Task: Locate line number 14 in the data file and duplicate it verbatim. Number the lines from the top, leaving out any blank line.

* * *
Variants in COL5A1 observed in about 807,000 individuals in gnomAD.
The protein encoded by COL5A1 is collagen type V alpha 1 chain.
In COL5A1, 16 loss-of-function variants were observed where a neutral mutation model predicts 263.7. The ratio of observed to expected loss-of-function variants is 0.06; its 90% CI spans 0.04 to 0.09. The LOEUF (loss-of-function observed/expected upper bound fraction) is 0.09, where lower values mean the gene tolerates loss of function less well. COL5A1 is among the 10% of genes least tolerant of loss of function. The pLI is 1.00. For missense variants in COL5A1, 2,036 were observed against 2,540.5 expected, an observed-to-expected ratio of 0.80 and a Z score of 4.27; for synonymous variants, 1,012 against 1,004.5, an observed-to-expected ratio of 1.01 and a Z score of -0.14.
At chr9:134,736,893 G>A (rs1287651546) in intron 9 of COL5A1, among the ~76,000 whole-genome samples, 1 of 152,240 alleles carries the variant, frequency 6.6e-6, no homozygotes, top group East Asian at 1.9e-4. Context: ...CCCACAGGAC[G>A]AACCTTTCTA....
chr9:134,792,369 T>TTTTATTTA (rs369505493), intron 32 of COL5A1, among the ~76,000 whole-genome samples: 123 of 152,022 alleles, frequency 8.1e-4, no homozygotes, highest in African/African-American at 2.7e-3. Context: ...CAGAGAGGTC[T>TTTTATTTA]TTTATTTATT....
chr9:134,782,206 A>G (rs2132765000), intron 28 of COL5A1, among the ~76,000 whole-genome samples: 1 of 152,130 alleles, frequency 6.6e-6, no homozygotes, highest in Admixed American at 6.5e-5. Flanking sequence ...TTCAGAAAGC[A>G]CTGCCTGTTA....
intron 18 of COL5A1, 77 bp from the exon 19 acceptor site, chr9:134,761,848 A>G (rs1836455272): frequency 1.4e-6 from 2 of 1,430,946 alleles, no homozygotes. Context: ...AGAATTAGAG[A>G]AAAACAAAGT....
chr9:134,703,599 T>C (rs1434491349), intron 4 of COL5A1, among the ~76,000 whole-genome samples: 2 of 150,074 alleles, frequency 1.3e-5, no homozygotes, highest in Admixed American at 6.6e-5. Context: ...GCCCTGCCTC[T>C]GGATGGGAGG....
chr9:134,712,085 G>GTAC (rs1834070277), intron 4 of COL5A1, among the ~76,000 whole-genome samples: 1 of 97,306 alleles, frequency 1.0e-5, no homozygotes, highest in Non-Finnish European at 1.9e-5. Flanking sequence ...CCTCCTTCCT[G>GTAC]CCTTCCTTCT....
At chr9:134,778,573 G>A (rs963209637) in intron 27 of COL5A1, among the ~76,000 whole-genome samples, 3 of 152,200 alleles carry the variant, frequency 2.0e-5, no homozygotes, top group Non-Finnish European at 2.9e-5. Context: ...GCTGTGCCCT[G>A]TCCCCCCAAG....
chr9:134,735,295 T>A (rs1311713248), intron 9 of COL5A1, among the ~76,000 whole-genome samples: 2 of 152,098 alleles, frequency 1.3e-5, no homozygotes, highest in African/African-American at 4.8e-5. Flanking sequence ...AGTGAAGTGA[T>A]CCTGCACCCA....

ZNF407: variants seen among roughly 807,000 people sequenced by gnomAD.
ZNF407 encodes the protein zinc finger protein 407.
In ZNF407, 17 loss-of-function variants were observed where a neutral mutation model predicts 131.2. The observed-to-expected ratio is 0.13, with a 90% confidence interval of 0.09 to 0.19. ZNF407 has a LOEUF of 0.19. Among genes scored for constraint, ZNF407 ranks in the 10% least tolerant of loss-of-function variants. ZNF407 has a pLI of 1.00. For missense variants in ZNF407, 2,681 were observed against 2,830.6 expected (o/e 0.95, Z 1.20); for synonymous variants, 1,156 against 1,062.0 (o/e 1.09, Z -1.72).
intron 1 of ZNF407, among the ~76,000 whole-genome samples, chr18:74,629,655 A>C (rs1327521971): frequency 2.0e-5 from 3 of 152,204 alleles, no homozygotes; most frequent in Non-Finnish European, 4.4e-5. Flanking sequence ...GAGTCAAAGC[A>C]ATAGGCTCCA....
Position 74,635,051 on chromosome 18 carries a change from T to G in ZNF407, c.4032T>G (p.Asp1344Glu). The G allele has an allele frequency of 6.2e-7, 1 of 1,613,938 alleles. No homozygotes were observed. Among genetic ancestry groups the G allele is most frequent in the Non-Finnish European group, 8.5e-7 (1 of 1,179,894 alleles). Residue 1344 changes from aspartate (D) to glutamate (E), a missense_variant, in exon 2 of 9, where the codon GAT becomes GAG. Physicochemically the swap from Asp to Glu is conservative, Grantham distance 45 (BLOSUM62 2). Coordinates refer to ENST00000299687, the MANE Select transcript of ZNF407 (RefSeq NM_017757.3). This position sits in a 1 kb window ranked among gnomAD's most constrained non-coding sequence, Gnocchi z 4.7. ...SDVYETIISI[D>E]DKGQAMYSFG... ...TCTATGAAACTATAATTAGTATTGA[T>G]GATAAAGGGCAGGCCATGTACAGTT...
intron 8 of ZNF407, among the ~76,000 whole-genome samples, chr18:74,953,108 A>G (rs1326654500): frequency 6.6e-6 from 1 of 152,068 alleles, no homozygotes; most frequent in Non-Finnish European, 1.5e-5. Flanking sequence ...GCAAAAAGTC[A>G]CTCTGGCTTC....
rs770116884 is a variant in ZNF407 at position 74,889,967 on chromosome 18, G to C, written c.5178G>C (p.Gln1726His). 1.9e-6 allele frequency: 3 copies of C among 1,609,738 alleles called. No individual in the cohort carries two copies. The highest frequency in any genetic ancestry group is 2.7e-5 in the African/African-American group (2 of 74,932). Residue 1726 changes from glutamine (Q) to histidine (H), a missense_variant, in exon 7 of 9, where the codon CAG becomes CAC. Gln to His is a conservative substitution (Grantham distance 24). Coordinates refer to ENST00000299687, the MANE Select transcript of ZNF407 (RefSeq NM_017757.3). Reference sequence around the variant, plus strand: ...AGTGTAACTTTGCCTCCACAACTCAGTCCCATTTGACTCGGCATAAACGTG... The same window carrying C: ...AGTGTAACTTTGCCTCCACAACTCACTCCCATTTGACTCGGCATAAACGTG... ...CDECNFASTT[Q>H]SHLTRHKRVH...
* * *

In ZNF407, 17 loss-of-function variants were observed where a neutral mutation model predicts 131.2. The observed-to-expected ratio is 0.13, with a 90% confidence interval of 0.09 to 0.19. ZNF407 has a LOEUF of 0.19. Among genes scored for constraint, ZNF407 ranks in the 10% least tolerant of loss-of-function variants. ZNF407 has a pLI of 1.00. For missense variants in ZNF407, 2,681 were observed against 2,830.6 expected (o/e 0.95, Z 1.20); for synonymous variants, 1,156 against 1,062.0 (o/e 1.09, Z -1.72).